Dante's interpretation of Hell
Granted, throughout the epic, it is evident that Dante has his own interpretation of justice and who should pay it. It is also evident that Dante doesn’t like the Greeks, for several Greek heroes appear in the different circles of hell even though it seems like they’re in hell for the sole reason that Dante didn’t like them. In the start of canto twenty six, The Evil Counselors, in the Eighth Circle of Hell, Dante realizes the Greek hero, Odysseus, or Ulysses, and Diomede are in the form of fires.
Both are said to be there because they helped on the attack in the Trojan War, and Ulysses created the idea of the horse. However, Ulysses, from The Odyssey, is a hero; in fact, he doesn’t deserve to be placed there in the Eighth Circle of Hell.
In like manner, its pequliar to read the Ulysses Dante has created, for he is portrayed very differently from the Ulysses in The Odyssey. Both are characterized and made out to be two completely different characters. Ulysses, in The Odyssey does everything in his power to be with his family, yet not only that but Ulysses is in despair because of the separation he endures from being away from his family for several years. Additionally, he leaves Ogygia when he has the chance to and undertakes a dangerous journey home; overall, he is a family-man. On the other hand, in Dante’s Inferno, Ulysses died because he left home to embark on a journey in order to learn and experience different customs. Dante characterized him so differently, yet it wouldn’t be in Ulysses’ character to leave his family behind. Dante could have gotten away with placing Ulysses in hell despite the fact that he was courageous and a hero but to write him in a way that doesn’t fit his true nature, to misrepresent his personality shows his distaste for Greeks.
Furthermore, in Canto 30, The Falsifiers, Dante’s interpretation of Hell, and how its justice should work, becomes strongly relevant as Virgil and Dante near the center where Satan resides. From the start, its evident that Dante created a system in which he organized an order of how he interprets the magnitude of the sin. There he places evil impersonators, counterfeiters, and false witnesses in the last patch of circle eight which is only a circle away from Satan himself, yet according to Dante’s placement, a false witness is far worse than a murderer who is placed in the Sixth Circle of Hell. Bearing false witness is the same as lying, and though lying is still wrong, it does not compare to the act of murder.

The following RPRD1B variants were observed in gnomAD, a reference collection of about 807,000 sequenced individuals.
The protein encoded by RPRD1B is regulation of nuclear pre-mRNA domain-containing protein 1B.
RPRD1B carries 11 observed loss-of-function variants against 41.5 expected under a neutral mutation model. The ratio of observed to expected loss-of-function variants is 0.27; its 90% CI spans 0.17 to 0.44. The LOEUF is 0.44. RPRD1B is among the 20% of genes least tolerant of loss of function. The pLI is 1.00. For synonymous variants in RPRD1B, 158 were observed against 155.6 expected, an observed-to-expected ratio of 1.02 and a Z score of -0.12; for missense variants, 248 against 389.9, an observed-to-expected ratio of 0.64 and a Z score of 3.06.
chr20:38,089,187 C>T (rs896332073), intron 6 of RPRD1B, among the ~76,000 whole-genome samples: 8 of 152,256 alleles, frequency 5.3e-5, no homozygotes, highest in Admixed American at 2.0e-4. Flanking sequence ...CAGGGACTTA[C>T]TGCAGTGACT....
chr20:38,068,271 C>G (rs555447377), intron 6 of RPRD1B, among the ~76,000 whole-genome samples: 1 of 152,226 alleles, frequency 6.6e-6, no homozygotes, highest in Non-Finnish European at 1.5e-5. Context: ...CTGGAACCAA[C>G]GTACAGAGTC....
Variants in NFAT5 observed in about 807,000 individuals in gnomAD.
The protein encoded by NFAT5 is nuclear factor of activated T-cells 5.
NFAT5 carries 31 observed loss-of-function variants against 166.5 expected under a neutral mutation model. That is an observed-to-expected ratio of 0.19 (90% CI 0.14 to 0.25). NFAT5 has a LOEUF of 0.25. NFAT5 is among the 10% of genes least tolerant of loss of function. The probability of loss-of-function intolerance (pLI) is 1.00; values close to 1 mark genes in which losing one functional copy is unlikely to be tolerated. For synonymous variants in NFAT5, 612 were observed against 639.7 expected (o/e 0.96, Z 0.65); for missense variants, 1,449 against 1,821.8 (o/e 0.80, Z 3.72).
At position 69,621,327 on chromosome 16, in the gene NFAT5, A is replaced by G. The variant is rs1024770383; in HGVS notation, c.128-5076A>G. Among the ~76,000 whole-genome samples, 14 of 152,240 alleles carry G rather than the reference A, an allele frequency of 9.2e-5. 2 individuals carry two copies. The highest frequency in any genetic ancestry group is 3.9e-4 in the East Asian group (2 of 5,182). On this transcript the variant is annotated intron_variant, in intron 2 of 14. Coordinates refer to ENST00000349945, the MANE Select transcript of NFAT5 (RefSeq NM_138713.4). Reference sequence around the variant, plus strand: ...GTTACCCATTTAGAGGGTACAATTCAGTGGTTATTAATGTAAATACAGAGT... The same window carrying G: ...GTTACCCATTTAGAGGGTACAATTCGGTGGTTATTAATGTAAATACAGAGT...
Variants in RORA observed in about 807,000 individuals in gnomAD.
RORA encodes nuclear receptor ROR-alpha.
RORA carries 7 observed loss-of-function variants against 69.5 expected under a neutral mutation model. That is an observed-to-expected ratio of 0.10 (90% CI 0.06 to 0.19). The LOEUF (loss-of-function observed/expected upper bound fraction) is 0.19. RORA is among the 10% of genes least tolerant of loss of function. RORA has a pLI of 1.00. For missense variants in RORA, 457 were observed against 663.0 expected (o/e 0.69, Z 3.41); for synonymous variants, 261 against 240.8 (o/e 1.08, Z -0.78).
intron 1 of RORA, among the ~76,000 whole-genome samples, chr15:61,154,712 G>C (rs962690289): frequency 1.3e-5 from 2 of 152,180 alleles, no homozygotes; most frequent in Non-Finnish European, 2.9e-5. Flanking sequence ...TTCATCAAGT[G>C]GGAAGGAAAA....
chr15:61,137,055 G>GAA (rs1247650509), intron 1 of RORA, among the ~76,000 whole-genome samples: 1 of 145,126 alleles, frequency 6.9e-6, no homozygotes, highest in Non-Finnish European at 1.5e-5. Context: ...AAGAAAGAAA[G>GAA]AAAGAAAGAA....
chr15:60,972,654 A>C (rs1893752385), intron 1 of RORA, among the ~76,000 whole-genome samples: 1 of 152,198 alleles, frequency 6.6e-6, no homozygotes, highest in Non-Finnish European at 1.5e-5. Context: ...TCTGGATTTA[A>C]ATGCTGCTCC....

Moreover, Allen Mandelbaum, author of Lectura Dantis: Inferno: A Canto-by-Canto Commentary, explains that Dante wrote Hell like the human body. First, Dante and Virgil descended into Limbo which is the equivalence to the head since it represents the memory humanity has of the ancient world. Then they reach the City of Dis where there is a river of blood, the heart, and following that is the Seventh Circle of Hell, violence, which relates to the chest where he united both the intellectual and animal natures. Additionally, whenever a new part of Hell opens up, and Dante needs to be transported into the next circle, that part refers to a division of the human body. The walls of the City of Dis means to be the ribcage while Cocytus is the large intestine. Throughout the Inferno, Dante relates sin and its consequences with malfunction within the body and disease. The Eighth Circle of Hell corresponds to the belly where there is a parallel between food digestion and the mind, for truth is the food of the soul, fraud its poison; their concentric circles have an obvious relation to the labyrinth of the intestines (Mandelbaum, 398).
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Granted, throughout the epic, it is evident that Dante has his own interpretation of justice and who should pay it. It is also evident that Dante doesn’t like the Greeks, […]